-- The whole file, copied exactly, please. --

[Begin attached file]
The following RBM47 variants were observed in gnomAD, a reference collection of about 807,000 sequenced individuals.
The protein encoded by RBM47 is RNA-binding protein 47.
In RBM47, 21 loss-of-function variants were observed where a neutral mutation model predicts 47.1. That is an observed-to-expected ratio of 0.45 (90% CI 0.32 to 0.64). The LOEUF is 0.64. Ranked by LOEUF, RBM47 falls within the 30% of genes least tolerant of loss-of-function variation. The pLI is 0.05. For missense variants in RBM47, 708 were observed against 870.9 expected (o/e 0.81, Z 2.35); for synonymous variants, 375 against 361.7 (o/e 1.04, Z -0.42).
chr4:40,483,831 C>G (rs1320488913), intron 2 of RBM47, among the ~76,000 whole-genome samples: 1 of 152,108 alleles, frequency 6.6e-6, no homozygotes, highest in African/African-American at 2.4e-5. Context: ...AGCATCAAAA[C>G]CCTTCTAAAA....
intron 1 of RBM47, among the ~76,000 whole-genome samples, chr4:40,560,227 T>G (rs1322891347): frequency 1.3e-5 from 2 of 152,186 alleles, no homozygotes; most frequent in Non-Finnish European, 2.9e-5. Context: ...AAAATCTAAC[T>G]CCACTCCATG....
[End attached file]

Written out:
The following RBM47 variants were observed in gnomAD, a reference collection of about 807,000 sequenced individuals.
The protein encoded by RBM47 is RNA-binding protein 47.
In RBM47, 21 loss-of-function variants were observed where a neutral mutation model predicts 47.1. That is an observed-to-expected ratio of 0.45 (90% CI 0.32 to 0.64). The LOEUF is 0.64. Ranked by LOEUF, RBM47 falls within the 30% of genes least tolerant of loss-of-function variation. The pLI is 0.05. For missense variants in RBM47, 708 were observed against 870.9 expected (o/e 0.81, Z 2.35); for synonymous variants, 375 against 361.7 (o/e 1.04, Z -0.42).
chr4:40,483,831 C>G (rs1320488913), intron 2 of RBM47, among the ~76,000 whole-genome samples: 1 of 152,108 alleles, frequency 6.6e-6, no homozygotes, highest in African/African-American at 2.4e-5. Context: ...AGCATCAAAA[C>G]CCTTCTAAAA....
intron 1 of RBM47, among the ~76,000 whole-genome samples, chr4:40,560,227 T>G (rs1322891347): frequency 1.3e-5 from 2 of 152,186 alleles, no homozygotes; most frequent in Non-Finnish European, 2.9e-5. Context: ...AAAATCTAAC[T>G]CCACTCCATG....